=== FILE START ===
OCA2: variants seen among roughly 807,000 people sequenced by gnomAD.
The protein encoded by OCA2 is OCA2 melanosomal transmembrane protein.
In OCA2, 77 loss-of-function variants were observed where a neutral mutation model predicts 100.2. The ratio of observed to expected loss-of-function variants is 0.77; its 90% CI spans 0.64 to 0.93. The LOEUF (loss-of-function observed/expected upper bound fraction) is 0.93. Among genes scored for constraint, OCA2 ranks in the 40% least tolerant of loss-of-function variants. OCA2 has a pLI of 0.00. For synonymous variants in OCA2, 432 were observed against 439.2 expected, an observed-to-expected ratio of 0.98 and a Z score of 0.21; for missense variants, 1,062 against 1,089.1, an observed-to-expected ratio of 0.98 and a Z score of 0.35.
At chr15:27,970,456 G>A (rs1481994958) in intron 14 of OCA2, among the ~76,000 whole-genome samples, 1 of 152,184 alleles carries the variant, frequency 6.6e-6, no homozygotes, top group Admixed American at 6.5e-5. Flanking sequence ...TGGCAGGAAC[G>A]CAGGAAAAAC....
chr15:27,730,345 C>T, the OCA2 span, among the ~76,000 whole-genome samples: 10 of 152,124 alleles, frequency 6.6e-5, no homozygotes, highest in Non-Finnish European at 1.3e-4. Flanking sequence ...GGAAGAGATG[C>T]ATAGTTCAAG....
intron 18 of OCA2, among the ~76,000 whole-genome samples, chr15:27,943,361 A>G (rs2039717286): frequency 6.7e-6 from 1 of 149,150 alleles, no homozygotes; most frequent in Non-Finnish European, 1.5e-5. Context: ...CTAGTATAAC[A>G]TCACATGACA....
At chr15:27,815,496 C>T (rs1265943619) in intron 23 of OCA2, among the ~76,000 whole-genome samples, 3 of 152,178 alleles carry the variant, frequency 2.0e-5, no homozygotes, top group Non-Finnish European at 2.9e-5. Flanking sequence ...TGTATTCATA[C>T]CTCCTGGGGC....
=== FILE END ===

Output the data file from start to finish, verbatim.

OCA2: variants seen among roughly 807,000 people sequenced by gnomAD.
The protein encoded by OCA2 is OCA2 melanosomal transmembrane protein.
In OCA2, 77 loss-of-function variants were observed where a neutral mutation model predicts 100.2. The ratio of observed to expected loss-of-function variants is 0.77; its 90% CI spans 0.64 to 0.93. The LOEUF (loss-of-function observed/expected upper bound fraction) is 0.93. Among genes scored for constraint, OCA2 ranks in the 40% least tolerant of loss-of-function variants. OCA2 has a pLI of 0.00. For synonymous variants in OCA2, 432 were observed against 439.2 expected, an observed-to-expected ratio of 0.98 and a Z score of 0.21; for missense variants, 1,062 against 1,089.1, an observed-to-expected ratio of 0.98 and a Z score of 0.35.
At chr15:27,970,456 G>A (rs1481994958) in intron 14 of OCA2, among the ~76,000 whole-genome samples, 1 of 152,184 alleles carries the variant, frequency 6.6e-6, no homozygotes, top group Admixed American at 6.5e-5. Flanking sequence ...TGGCAGGAAC[G>A]CAGGAAAAAC....
chr15:27,730,345 C>T, the OCA2 span, among the ~76,000 whole-genome samples: 10 of 152,124 alleles, frequency 6.6e-5, no homozygotes, highest in Non-Finnish European at 1.3e-4. Flanking sequence ...GGAAGAGATG[C>T]ATAGTTCAAG....
intron 18 of OCA2, among the ~76,000 whole-genome samples, chr15:27,943,361 A>G (rs2039717286): frequency 6.7e-6 from 1 of 149,150 alleles, no homozygotes; most frequent in Non-Finnish European, 1.5e-5. Context: ...CTAGTATAAC[A>G]TCACATGACA....
At chr15:27,815,496 C>T (rs1265943619) in intron 23 of OCA2, among the ~76,000 whole-genome samples, 3 of 152,178 alleles carry the variant, frequency 2.0e-5, no homozygotes, top group Non-Finnish European at 2.9e-5. Flanking sequence ...TGTATTCATA[C>T]CTCCTGGGGC....